The COVID -19 event is a common threat but the circumstances and responses are fundamentally different up to this point. In part, this is a function of timing. As mentioned, Jamaica is at the end of its fiscal year and on the back of a relatively successful readjustment program with the IMF has been riding the wave of 20 consecutive quarters of growth, a robust stock market and fiscal measures in play, which have created fiscal headroom because of reductions in debt repayment. The Bahamas on the other hand is still a few months from its budget presentation. Generally, it has been operating under an austere program with implementation of fiscal reforms design largely to correct its debt to GDP position and structural weaknesses observed in the management of national finances, with the same intent as Jamaica, freeing resources for investment in the economy. Both countries though currently suffer from low growth.

The Bahamas while securing two years of above average growth, compared to the last ten years, missed its targeted 2%-plus growth target in 2018. The same is likely for 2019 once the numbers are crystalized. Jamaica, despite its impressive multiple quarters growth, the growth in GDP overall very anaemic and represents one of the most significant pressure point in its effort to reorganize the Jamaican economy. Notable commentators Denis Chung and the Chair of Jamaica Economic Development Committee Michael Lee Chin has recently lamented this fact. Despite cogent planning and marked successes, it is recognized that true transformation that economy demands growth that is more robust. This is critical to our examination of the impact of COVID -19. We have often echoed the sentiments of Lee Chin as it relates to the Bahamas. For the last few budget cycles we were of the view that greater focus should be placed on facilitative growth, leveraging the growth that was being experienced across the world but primarily in its most important market, the USA. Our consistent concern was that there was a closing window of opportunity and the drive for growth should have been better aligned to that opportunity. 2019 started to prove the efficacy of that thinking with the economic headwinds being created by Brexit and the US-China trade wars. We didn’t secure the growth desired and consequently COVID -19 economic impact is likely to prove a significant challenge, one which may have been easier to face with a stronger foundation on which to build a stimulus effort.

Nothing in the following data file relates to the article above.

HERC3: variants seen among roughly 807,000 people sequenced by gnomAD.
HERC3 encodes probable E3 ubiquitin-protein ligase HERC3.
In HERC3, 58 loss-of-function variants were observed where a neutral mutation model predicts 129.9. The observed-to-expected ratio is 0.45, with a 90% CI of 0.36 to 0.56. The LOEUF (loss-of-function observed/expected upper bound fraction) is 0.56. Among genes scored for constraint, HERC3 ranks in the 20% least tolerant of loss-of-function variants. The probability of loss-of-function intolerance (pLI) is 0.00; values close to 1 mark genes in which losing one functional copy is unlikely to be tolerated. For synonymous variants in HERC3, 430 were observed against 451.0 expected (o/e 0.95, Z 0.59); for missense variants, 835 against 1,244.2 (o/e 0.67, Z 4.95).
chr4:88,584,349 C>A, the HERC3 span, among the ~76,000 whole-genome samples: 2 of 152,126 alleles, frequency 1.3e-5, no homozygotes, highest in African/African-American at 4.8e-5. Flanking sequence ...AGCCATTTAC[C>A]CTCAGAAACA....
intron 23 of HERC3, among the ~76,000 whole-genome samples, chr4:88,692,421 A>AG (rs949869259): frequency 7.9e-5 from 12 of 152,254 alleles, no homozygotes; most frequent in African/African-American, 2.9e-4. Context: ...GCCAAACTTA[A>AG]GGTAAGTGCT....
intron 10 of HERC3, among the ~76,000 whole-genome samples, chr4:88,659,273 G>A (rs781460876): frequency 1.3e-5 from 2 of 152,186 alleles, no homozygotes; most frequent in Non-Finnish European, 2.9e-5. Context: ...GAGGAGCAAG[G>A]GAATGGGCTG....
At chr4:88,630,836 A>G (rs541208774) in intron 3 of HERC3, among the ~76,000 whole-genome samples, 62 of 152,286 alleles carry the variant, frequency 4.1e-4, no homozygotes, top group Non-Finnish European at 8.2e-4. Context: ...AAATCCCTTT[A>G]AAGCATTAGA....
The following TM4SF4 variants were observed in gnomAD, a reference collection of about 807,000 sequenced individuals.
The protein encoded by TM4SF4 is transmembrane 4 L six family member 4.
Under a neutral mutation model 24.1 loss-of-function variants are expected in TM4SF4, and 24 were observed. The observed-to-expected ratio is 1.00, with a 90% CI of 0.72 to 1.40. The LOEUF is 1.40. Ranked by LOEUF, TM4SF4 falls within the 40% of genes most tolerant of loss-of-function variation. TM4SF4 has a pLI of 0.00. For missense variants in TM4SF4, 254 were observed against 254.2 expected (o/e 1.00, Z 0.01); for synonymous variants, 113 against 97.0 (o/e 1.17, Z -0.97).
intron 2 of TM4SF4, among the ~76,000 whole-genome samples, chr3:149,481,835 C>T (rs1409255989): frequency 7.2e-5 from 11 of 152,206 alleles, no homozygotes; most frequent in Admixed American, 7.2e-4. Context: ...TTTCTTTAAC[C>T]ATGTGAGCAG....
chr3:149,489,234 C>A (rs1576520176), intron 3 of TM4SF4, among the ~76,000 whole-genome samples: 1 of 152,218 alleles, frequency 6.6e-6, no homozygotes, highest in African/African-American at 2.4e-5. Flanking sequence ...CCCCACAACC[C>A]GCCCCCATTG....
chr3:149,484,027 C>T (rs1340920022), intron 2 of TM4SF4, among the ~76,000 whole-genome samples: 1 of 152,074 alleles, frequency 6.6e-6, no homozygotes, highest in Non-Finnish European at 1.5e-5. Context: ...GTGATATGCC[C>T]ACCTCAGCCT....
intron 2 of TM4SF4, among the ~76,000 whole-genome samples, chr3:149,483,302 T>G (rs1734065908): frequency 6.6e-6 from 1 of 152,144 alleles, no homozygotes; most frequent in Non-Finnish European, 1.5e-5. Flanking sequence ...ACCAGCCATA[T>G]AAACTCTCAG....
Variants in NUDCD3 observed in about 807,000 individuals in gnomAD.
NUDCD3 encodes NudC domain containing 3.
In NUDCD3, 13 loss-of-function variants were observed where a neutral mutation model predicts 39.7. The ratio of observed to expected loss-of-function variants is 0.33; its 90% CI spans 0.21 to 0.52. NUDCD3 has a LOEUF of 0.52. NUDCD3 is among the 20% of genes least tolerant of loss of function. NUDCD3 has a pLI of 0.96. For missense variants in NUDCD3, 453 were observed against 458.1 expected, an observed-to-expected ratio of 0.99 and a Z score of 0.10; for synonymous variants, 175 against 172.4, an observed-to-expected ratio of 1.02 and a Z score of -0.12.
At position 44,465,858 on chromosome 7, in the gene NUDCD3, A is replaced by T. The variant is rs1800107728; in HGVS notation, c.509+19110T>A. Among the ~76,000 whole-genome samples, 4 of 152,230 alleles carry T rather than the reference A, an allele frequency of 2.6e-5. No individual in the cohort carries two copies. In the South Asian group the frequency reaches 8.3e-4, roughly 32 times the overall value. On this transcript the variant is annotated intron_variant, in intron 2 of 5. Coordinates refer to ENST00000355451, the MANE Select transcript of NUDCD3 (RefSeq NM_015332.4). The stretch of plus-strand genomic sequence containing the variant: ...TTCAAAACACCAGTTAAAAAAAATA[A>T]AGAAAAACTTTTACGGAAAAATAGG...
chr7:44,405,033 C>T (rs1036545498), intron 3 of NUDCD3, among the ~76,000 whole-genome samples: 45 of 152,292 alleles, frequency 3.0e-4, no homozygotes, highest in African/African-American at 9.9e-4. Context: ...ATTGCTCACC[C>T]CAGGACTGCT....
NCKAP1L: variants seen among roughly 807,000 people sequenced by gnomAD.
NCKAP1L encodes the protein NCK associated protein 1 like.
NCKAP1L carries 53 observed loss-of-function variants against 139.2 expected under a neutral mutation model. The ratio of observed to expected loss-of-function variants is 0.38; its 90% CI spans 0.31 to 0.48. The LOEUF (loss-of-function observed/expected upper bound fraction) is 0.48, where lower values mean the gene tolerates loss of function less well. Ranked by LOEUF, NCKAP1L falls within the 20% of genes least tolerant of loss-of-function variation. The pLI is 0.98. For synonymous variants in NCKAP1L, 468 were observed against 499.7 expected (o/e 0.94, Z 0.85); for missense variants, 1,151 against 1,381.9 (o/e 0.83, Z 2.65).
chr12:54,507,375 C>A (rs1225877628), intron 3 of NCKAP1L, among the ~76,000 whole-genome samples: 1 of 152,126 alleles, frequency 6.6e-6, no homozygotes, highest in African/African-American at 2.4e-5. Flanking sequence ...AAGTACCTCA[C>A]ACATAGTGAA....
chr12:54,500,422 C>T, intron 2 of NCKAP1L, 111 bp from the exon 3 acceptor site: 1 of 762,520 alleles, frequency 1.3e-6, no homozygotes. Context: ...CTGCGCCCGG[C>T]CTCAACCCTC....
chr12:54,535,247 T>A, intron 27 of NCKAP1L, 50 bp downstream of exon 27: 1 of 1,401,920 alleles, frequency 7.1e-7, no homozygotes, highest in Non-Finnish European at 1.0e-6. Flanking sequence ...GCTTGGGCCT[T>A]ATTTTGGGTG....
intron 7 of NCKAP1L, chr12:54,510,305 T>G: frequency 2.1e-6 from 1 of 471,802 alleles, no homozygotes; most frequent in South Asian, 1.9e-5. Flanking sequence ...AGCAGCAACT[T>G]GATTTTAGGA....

We are being careful not to minimize the depth of the risk faced by both countries and the wider Caribbean region. Neither is there any intention to pre-judge the efficacy of any response already announced and that which will come. This will undoubtedly be a hard road going forward and in many ways, a very complex set of realities. Supply side shock, coupled with demand side shock complicated by significantly disrupted value and supply chains further complicated by a global pandemic, the latter being the most significant and important factor. There is no easy or cheap way out of this. The US has passed the larger stimulus package in its history aimed at rescuing its economy, with clear signals of more to come. The early signs, however, show that this will be a very interesting time as the fundamentals at play are significantly outside the control of a single country and rests fundamentally on the effectiveness with which the health aspect of the event is managed. The US, in our opinion, is currently losing that battle or at least has not yet shown that it is in control of the effort to contain the spread of the virus. This is bad news for the Caribbean as the US represents one of its most significant tourism and export market.